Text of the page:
Educate yourself before searching for new home

Friday, March 29, 2019, Vol. 43, No. 13

Spring break is over. It ended for Metro schools a couple of weeks ago, most of the private schools returned to the classrooms Monday and all the surrounding counties have their students back in school.

Over the years, the three Rs have been replaced by STEM which is science, technology, engineering and mathematics. Since two of the three Rs weren’t Rs anyway, it was a logical move.

Now, as buyers wade into the spring market, a bit of STEM should be in order.

As for the science, mold could be in full force this year as the area has absorbed and deflected more moisture than in years past. Testing for living organisms is more important than it has been. Those organisms may include various woodboring insects and moisture-attracting termites and their hungry friends.

Zillow and its competition have seemingly taken over the technology side of real estate searches. While Zestimates is a clever term for the tool that estimates the value of a home on the site, they are not totally accurate inasmuch as no Zillow person has crossed the threshold of the home. But the technology is there.

Once again, as a result of the abundance of precipitation, engineering is more of a factor than in it has been. The grading of many yards has changed and the foundations in most of the structures in town have been altered somewhat.

As any contractor will quickly disclose, “Water is the most powerful force of nature.” In that context, they are not referring to whitewater rapids, rather rivulets that often vanish within minutes of their birth, but can cause extensive damage during their short life span.

Mathematics, of course, must work its way into the equation. Finance is more complicated, and the financial institutions are providing more options each year. The changes in the tax code are affecting some more than others but should be considered when purchasing.

Sale of Week

Last week the townhome at 133A Woodmont Boulevard closed for $788,000 with Karla Frieson of Coldwell Banker Barnes as the listing agent and Renee Puckett representing the buyer.

Puckett hails from the Green Hills office of the Wilson Group and has been recognized by the Greater Nashville Realtors for her volunteerism and success in sales by winning the Award of Excellence for four consecutive years.

No stranger to awards, Frieson was the recipient of the Best in Blue award this year and has worked to balance her life focusing on the five Fs – faith, family, finance, fitness and fashion – excelling in all five.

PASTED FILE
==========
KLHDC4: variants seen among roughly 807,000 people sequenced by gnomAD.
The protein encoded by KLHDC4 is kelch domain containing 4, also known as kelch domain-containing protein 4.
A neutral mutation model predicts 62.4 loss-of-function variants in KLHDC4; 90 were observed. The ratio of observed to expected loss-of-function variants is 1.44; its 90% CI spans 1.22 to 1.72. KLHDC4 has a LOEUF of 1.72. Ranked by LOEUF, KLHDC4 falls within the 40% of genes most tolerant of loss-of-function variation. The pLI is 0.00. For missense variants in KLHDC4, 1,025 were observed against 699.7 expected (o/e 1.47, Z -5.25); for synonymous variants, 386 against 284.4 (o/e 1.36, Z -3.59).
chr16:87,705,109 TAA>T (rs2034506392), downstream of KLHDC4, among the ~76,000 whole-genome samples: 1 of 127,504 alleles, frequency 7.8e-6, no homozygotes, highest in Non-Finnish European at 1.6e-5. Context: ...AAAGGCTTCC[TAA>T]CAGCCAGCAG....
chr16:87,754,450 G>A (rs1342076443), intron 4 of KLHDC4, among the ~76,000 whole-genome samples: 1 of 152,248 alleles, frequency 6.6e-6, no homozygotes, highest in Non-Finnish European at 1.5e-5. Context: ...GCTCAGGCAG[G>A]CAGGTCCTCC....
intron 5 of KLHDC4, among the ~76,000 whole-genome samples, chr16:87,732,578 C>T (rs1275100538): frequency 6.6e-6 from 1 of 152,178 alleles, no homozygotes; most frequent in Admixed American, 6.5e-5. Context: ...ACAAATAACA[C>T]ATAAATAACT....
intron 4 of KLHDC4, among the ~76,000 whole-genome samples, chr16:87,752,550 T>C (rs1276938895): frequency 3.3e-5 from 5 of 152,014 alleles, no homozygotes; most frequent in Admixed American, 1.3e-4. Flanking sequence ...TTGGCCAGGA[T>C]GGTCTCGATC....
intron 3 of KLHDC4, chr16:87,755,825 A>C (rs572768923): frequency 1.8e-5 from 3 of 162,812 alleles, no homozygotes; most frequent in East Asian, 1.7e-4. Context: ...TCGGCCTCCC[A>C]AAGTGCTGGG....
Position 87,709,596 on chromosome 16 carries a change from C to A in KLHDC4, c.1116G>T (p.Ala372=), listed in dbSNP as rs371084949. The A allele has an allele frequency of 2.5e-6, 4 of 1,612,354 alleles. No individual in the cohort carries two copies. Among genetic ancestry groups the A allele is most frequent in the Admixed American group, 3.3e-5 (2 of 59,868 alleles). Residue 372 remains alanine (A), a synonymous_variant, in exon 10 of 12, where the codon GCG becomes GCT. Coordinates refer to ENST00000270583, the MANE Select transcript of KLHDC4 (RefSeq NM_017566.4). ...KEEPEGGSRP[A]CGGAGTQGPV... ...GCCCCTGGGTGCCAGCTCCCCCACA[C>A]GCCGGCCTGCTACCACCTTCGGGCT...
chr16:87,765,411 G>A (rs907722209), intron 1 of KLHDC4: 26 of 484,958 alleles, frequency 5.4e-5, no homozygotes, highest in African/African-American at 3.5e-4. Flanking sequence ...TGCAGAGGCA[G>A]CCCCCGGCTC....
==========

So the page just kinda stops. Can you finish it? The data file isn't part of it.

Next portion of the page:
Puckett is more of a 4-H personality with a daughter who has a youth membership in the Hillsboro Hounds. She also has at least one dog in the house at all times.

It took all the four Hs and five Fs to pull close this sale of this townhome, described by Karla as “an immaculate townhome in an intimate, luxury development.” The effort was not for this home, but another home involved.

In her Realtor remarks, Frieson noted the house was under contract with a “kickout clause” in place. That is where the four H’s and five F’s come into play.

A kickout clause is also known as a right of first refusal, sometimes switched to first right of refusal. In short, the home is under contract with a certain contingency, usually the sale of the buyer’s current residence.

Should another acceptable – and that does not mean a higher price – offer come in, the seller can give the buyer with the contingency notice and, at that point, the buyer has a certain agreed upon-time period in order to remove the contingency, or the contract is null and void.

These kickout clauses are more complicated than they seem. There have been occasions in which the contingency buyer removed the sale of home contingency and agreed to close and didn’t show up with the money.

Additionally, there are numerous examples wherein the new buyer kicked the old buyer out and the new buyer was not able to close. To further complicate matters, the original buyer sold his house in the meantime and settled on another home. He would have preferred the home that he had been forced to terminate and was now stuck with a less-desirable residence.

Some might wonder why a seller would ever consider an offer with a sale of home contingency. When one is presented, the seller must evaluate the sellability of the two properties.

If the buyer’s current home is priced well, in a good location and in better condition than the house they are trying to buy, the seller should accept the contingency.

In many cases, the seller with a house under contract with a sale of home contingency will accept a lower offer from a buyer with no sale of home contingency and use that contract to boot the person with the contract in place.

The person who has the contract nullified is often angered when he learns that the house sold for a price less than his contract price. It happens.

Richard Courtney is a licensed real estate broker with Fridrich and Clark Realty and can be reached at richard@richardcourtney.com.